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Tool Restoration - Hand Planes #1: Sargent Hercules No3

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Blog entry by Straust posted 03-21-2018 10:27 PM 392 reads 0 times favorited 4 comments Add to Favorites Watch
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So since there were some questions on how I got from point A to point B on my restoration of the Type 19 No5 Stanley Bailey I took a few more pictures though I will have to better next time as I got a bit lazy.

So here are the before pictures as you can see the tote is broken and the knob is damaged a bit as well. There is quite a bit of rust but the body’s paint was in good shape so I decided to keep it.

Here is a picture of my setup for this restoration. This time I put shop towels to keep my workbench cleaner. Might do it again. The tile is my flat surface. The spring clamps are for holding my sandpaper and glass cleaner for the higher grits. 409 just happened to be the cheapest that menards had. I use 60 grit for the initial flattening of the body. The other grits I used were 120, 400 , and 1500. Then I finish with a leather strop for a few of the items.

Here is the 60 grit ready to go.

And I choose to wear 9mil gloves from Harbor Frieght as it does make a bit of a mess and keeps me from sanding my skin off (Yeah I did that … OOPS!)

Here a few of the progress pictures of flattening the body and cleaning up the sides. Before I started this I glued up the tote. I also added a small wood dowel to help support.

So this is where I kind of when into tunnel mode and forgot to take more photos. So after I had flatenned the body and sides. I sharpened the iron, Cleaned up the chip breaker and the holder. I used mostly 400/1500 grit sandpaper and a bit of elbow grease. It is a good time to turn on your favorite tunes.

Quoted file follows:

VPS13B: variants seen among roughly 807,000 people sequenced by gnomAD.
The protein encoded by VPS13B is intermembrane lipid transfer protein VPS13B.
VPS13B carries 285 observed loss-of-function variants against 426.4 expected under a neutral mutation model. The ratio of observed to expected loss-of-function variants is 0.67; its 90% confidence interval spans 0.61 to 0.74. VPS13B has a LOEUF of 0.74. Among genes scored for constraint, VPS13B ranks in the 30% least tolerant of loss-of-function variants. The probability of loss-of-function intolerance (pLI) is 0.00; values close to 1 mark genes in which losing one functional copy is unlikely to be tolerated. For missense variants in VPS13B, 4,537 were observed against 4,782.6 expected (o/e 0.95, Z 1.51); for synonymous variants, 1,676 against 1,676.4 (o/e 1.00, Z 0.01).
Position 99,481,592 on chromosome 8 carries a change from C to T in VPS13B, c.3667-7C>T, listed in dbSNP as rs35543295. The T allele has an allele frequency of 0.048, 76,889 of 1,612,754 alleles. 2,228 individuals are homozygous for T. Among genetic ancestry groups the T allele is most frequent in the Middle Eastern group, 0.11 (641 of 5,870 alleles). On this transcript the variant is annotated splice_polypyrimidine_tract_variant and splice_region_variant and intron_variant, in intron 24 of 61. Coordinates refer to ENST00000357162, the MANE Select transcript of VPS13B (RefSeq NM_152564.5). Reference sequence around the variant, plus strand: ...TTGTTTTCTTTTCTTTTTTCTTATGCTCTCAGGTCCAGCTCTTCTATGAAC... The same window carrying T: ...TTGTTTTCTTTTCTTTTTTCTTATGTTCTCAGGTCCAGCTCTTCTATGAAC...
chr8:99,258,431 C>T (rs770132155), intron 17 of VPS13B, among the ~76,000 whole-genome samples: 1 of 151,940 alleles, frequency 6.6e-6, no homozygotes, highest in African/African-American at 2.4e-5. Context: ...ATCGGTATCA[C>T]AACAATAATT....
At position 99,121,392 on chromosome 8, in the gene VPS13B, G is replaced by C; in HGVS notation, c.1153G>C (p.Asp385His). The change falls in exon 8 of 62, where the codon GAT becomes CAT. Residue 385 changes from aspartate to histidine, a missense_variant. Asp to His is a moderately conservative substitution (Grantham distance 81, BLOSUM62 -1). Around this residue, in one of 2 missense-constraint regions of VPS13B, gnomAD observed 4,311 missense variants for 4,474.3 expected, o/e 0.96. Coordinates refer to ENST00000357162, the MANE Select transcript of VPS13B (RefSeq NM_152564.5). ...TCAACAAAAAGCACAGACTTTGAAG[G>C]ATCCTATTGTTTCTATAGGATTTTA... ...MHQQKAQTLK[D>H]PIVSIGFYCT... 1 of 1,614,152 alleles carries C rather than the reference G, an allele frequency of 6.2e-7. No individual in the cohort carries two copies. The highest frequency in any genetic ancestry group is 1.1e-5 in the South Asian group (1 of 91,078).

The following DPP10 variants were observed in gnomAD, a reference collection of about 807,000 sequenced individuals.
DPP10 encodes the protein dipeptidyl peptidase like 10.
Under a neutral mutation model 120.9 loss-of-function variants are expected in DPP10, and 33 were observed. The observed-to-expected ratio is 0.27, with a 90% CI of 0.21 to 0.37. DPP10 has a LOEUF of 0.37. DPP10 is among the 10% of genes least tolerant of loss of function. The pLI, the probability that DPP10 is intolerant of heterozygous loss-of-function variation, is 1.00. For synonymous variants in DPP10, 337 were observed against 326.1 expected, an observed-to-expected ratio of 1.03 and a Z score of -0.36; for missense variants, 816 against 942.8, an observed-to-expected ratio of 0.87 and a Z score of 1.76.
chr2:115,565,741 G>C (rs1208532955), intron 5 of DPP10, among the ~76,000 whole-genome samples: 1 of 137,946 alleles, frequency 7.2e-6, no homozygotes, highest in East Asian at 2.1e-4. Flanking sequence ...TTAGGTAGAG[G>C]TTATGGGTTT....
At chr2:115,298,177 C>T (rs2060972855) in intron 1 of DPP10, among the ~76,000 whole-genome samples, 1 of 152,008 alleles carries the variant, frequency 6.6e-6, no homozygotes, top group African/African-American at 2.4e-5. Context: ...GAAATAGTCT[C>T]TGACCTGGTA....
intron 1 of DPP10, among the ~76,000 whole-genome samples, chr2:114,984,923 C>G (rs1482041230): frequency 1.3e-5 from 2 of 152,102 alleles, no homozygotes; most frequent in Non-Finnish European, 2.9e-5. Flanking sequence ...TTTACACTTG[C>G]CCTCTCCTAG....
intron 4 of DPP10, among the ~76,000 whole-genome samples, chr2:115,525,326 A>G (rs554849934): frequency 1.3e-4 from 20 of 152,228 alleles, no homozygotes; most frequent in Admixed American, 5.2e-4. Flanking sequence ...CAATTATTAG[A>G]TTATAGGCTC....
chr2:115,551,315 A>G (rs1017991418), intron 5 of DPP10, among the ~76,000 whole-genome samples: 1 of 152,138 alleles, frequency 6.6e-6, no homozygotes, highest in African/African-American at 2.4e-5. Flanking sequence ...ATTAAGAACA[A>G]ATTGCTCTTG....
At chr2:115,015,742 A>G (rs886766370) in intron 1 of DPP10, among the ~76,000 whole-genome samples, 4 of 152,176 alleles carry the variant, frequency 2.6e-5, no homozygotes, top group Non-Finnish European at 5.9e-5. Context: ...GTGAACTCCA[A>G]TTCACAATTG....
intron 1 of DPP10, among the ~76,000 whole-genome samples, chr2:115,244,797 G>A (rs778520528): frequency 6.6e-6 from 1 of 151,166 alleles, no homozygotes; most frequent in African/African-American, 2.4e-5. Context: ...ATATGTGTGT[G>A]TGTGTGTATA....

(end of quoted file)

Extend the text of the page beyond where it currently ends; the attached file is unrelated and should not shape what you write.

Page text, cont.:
Next is my favorite part cleaning up the small parts. I will go into more detail next time on how I did it.

After those are good I moved on to the tote and knob which since most of the finish was missing or cracked I scrapped the rest off with the side of the chisel blade. Once the finish was removed I refined the tote and knob with sand paper and a card scraper.

Here is the finished product though the Boiled Linseed Oil is still drying in these photos.

Thanks for reading. After doing a few of these and enjoying it I think I might start doing it for others if there is a need.



4 comments so far

View BurlyBob's profile

BurlyBob

5410 posts in 2232 days


#1 posted 03-21-2018 11:00 PM

Congrats. That’s a really nice restore job. I’ve done a dozen or so and it is very rewarding to take an old rusty POS make it work and look good doing it.

View ksSlim's profile

ksSlim

1274 posts in 2856 days


#2 posted 03-22-2018 01:56 AM

Excellent restore!

-- Sawdust and shavings are therapeutic

View JerseyJoe's profile

JerseyJoe

63 posts in 3523 days


#3 posted 03-22-2018 12:18 PM

Nice job. I have a few old planes that are on my list of things to restore. I’m going to reference your work when I start my projects. Thanks for sharing.

-- Joe Massanova, Somerdale, NJ - www.novawoodworking.com

View Straust's profile

Straust

14 posts in 42 days


#4 posted 03-23-2018 03:12 PM

JerseyJoe as a note I would have used diamond plates or whetstones after the intial flattening on the body if I had them.

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